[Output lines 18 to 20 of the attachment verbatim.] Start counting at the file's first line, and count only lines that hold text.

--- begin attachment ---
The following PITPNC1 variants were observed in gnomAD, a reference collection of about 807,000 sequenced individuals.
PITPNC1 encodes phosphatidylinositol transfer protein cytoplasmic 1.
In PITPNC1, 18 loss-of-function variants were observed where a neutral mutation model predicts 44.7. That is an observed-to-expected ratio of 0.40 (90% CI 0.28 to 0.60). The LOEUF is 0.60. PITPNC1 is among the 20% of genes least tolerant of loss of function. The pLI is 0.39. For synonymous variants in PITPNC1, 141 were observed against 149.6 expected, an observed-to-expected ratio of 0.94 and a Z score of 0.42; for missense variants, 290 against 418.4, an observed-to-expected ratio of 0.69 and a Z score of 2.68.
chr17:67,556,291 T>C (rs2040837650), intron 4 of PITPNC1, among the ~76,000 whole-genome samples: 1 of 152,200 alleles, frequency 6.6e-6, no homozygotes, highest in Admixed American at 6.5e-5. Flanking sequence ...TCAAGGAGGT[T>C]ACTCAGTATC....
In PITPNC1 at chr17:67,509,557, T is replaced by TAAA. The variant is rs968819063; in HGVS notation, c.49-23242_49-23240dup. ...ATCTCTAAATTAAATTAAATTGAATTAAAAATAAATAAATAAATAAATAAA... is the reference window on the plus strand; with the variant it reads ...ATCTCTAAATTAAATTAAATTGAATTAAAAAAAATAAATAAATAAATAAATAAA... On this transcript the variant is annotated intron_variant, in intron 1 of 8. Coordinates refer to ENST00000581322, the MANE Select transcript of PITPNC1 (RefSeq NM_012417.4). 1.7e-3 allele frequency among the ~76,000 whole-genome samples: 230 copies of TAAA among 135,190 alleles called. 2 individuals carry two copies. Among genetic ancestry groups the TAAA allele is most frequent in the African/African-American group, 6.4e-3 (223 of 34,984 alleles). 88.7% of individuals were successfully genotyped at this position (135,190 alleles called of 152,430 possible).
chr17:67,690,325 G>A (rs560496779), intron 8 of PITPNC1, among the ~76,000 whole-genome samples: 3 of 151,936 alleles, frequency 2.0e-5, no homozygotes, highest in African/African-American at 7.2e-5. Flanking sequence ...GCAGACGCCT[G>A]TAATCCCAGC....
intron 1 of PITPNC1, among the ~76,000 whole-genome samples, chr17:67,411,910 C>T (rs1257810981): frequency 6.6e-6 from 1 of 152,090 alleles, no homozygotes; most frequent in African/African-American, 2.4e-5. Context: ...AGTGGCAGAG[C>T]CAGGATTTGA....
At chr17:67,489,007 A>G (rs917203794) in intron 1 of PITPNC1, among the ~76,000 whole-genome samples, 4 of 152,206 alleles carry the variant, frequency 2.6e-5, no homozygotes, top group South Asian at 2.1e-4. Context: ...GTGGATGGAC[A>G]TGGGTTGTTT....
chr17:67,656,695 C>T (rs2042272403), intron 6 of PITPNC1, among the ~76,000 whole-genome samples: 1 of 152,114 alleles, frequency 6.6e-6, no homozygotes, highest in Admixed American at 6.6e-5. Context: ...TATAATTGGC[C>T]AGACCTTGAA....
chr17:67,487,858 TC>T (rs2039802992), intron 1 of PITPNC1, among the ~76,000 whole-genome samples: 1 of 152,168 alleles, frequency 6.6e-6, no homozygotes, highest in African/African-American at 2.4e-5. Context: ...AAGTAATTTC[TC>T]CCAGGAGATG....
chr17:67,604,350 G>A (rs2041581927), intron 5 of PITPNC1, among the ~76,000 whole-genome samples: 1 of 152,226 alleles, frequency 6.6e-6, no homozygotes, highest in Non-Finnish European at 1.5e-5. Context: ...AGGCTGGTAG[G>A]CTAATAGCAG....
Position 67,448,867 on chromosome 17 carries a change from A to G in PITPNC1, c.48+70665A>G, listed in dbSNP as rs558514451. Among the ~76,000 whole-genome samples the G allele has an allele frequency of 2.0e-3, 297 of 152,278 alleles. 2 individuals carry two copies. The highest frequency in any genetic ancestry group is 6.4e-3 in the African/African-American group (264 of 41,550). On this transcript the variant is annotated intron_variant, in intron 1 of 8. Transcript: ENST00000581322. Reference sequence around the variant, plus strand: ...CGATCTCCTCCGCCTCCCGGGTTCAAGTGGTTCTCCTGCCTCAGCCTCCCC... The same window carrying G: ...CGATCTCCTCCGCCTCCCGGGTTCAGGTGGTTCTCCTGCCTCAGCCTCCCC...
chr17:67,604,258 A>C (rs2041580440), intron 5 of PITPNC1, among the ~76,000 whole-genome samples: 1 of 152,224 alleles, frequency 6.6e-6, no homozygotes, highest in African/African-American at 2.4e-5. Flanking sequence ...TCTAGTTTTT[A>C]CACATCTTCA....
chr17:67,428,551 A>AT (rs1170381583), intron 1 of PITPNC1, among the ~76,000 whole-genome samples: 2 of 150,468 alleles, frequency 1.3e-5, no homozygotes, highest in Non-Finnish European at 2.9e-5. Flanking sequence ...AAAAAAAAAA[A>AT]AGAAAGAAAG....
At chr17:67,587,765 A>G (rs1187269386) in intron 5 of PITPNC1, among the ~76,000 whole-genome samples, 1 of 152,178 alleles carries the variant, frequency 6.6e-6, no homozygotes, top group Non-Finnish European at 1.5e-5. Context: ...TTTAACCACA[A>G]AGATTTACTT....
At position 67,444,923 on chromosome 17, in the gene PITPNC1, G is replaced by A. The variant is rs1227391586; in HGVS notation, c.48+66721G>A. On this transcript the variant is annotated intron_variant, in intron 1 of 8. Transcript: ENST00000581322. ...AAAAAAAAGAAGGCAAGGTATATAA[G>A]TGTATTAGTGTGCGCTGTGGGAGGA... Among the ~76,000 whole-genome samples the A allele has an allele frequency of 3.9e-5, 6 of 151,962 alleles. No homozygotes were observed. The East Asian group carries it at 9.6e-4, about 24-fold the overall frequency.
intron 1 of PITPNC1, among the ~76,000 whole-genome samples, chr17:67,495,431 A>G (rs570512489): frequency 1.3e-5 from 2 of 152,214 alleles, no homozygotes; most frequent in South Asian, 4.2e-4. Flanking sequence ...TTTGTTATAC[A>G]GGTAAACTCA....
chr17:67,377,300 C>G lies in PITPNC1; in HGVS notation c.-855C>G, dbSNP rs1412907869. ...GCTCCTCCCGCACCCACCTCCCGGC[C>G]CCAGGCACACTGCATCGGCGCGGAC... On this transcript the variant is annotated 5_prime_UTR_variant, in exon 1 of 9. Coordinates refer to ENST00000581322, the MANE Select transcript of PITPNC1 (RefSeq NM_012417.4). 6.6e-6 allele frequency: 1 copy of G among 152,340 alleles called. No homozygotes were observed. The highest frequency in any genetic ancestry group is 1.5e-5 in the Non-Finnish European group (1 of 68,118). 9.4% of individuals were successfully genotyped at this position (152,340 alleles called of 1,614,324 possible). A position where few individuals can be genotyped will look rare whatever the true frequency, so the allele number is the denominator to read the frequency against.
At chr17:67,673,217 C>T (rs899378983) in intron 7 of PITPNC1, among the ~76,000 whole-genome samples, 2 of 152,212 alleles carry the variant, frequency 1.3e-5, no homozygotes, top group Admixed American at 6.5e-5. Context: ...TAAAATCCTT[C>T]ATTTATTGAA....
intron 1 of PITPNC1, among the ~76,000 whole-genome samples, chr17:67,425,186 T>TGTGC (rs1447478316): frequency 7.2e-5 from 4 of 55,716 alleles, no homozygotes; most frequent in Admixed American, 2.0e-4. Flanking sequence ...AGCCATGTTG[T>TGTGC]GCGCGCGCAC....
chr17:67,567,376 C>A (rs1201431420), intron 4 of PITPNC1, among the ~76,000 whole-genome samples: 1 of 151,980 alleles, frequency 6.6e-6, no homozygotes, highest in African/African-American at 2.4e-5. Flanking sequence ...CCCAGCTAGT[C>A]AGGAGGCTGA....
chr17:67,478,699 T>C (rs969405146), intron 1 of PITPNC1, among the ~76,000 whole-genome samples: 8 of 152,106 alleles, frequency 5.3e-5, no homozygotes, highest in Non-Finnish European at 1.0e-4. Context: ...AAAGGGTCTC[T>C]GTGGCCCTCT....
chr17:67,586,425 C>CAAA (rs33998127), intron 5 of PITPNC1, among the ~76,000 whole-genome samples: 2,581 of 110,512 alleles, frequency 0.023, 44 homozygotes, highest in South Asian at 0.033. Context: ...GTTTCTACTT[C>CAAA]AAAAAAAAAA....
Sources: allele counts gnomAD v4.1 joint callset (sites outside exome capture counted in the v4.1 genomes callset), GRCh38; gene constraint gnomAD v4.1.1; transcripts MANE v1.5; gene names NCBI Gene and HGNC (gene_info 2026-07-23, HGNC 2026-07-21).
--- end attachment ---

chr17:67,377,300 C>G lies in PITPNC1; in HGVS notation c.-855C>G, dbSNP rs1412907869. ...GCTCCTCCCGCACCCACCTCCCGGC[C>G]CCAGGCACACTGCATCGGCGCGGAC... On this transcript the variant is annotated 5_prime_UTR_variant, in exon 1 of 9. Coordinates refer to ENST00000581322, the MANE Select transcript of PITPNC1 (RefSeq NM_012417.4). 6.6e-6 allele frequency: 1 copy of G among 152,340 alleles called. No homozygotes were observed. The highest frequency in any genetic ancestry group is 1.5e-5 in the Non-Finnish European group (1 of 68,118). 9.4% of individuals were successfully genotyped at this position (152,340 alleles called of 1,614,324 possible). A position where few individuals can be genotyped will look rare whatever the true frequency, so the allele number is the denominator to read the frequency against.
At chr17:67,673,217 C>T (rs899378983) in intron 7 of PITPNC1, among the ~76,000 whole-genome samples, 2 of 152,212 alleles carry the variant, frequency 1.3e-5, no homozygotes, top group Admixed American at 6.5e-5. Context: ...TAAAATCCTT[C>T]ATTTATTGAA....
intron 1 of PITPNC1, among the ~76,000 whole-genome samples, chr17:67,425,186 T>TGTGC (rs1447478316): frequency 7.2e-5 from 4 of 55,716 alleles, no homozygotes; most frequent in Admixed American, 2.0e-4. Flanking sequence ...AGCCATGTTG[T>TGTGC]GCGCGCGCAC....